For many countries across the world, small businesses form the foundation of their economy.
To take the US as just one example, small businesses account for 44% of all economic activity.

Taking your small business to a big business

Some of these businesses are small, one-person affairs that are created to provide their owners with secondary streams of income. Growth for these businesses, many of which operate on a part-time basis, is not so important.

But for the vast majority of SMEs, expansion is an essential target. Many business owners, therefore, are keen to know how to turn a small operation into a big one.

Although the disastrous disruption caused by COVID-19 has most likely put expansion plans on hold for many businesses, it’s always worth looking to the future for ways to improve in happier times. The place to start is by setting yourself a number of clear, defined goals to build towards. Goals will vary slightly from business to business, but let’s take a general look at goal setting as an aid to achieving business growth.

Business goal setting

It is necessary to control business growth if it is to be successful in the long term. That means setting goals and planning how to reach them. Any goals you set yourself, however, should be achievable.

Successful entrepreneurs have to know their markets. They must be quick to recognise opportunities that spring up within them. Once spotted, prompt action is necessary to get in there before others. Make sure that the products you sell provide clear and definable benefits for consumers and that the business environment in which they are made, stocked and sold are employee-friendly.


It is hard to achieve growth if you only focus on one product – even if that product is an excellent one. Take Coca-Cola, for example. They started out just selling cola. Now, however, they are one of the largest corporations in the world. They have achieved this by expanding their product range to include things like fruit juices, sports drinks and even bottled water. It’s important, then, to maintain the flexibility to adapt to new markets, or take advantage of new, potentially lucrative streams of income.

The only thing you must bear in mind, though, is to ensure that you establish the success of your main product, before introducing more. Make sure your original brand is not diluted too much, either – evolution rather than revolution may be the best bet.


Once you have set your goals and your products or services are well established, the next stage for growth is to consider expanding your operation. This often requires the input of additional capital. For most people, this will require outside financing.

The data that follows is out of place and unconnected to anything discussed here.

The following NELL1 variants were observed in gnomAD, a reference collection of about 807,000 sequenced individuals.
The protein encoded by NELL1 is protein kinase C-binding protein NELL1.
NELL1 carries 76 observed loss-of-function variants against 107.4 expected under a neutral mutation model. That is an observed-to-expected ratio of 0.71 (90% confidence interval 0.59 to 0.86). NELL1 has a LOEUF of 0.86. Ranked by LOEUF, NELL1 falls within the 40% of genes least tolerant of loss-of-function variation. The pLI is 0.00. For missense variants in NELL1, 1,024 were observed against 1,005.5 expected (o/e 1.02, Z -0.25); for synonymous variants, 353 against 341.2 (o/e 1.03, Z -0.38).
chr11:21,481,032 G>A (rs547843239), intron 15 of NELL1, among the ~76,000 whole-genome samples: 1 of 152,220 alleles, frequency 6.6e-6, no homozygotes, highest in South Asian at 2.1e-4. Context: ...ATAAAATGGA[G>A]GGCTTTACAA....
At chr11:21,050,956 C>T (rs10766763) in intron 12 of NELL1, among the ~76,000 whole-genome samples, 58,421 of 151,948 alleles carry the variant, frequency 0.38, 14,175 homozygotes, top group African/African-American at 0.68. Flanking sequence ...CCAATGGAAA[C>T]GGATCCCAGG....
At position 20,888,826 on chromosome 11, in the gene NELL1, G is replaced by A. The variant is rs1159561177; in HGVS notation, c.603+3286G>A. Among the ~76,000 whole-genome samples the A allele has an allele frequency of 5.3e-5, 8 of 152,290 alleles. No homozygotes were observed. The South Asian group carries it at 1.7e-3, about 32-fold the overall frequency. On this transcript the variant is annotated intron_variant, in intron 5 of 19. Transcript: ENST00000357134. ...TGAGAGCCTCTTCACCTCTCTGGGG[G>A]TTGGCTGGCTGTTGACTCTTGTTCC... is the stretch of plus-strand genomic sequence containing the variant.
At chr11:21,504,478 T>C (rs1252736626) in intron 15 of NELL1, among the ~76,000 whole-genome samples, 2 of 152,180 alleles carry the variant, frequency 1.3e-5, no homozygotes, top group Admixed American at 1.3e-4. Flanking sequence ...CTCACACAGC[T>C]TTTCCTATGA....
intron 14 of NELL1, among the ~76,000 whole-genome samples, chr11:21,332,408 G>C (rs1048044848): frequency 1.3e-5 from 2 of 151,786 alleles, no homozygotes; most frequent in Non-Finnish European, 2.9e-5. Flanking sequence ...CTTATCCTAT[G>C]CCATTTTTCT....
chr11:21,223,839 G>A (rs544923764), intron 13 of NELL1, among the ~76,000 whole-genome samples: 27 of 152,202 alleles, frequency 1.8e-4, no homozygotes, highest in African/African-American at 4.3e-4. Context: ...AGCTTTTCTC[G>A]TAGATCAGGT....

To get that financing, you will have to show your potential lenders a credible, profitable business plan and one key element of this, which some people do not pay enough attention to, is avoiding disruption.

Disruption avoidance

Disruption can occur at any time, and arrive seemingly out of the blue. We’ve all recently seen the devastating impact that COVID-19 has had upon businesses across the world, for example, but everyday threats can be a great danger, too.

Flooding, for example, is an ever-present danger to many business operations across the world. We all saw the devastation brought by Hurricane Katrina – but even smaller-scale disruptions can still wipe out businesses (particularly smaller businesses with more fragile revenue streams).

Research from Direct Line, for example, shows that almost half of SMEs in the UK have experienced some form of serious disruption in the past five years, with claims increasing by approximately 14% per annum. Accidental damage, theft, and escape of water were the third most common reasons for insurance claims by these businesses, and the damage is often substantial. For the average SME, the average damage caused by disruption accounts for more than 40% of their average net profits. Businesses affected by such disruption also take, on average, five days before they are able to continue trading – and it’s often longer before they are able to return to full capacity. Without stable cash flow and capital reserves, many of these businesses would be in trouble.

Having a good business insurance policy in place is essential

With the threat of disruption in mind, it’s important to have the right business insurance in place before you consider growing your business further. Not only is this critical to any expansion plans you may have, it can also save your business from failing altogether in the face of severe disruption.

The road to becoming a big business is long, and it may seem impossible to ever get there. But, with the right strategies in place and the necessary precautions in mind, small businesses can certainly increase their chances of achieving sustainable and significant expansion.

Need help getting your small business to a big business? We can help, we have a history to successfully growing businesses, getting a clear plan to were you want to go and implementing that plan for you. See our business growth consulting service for more information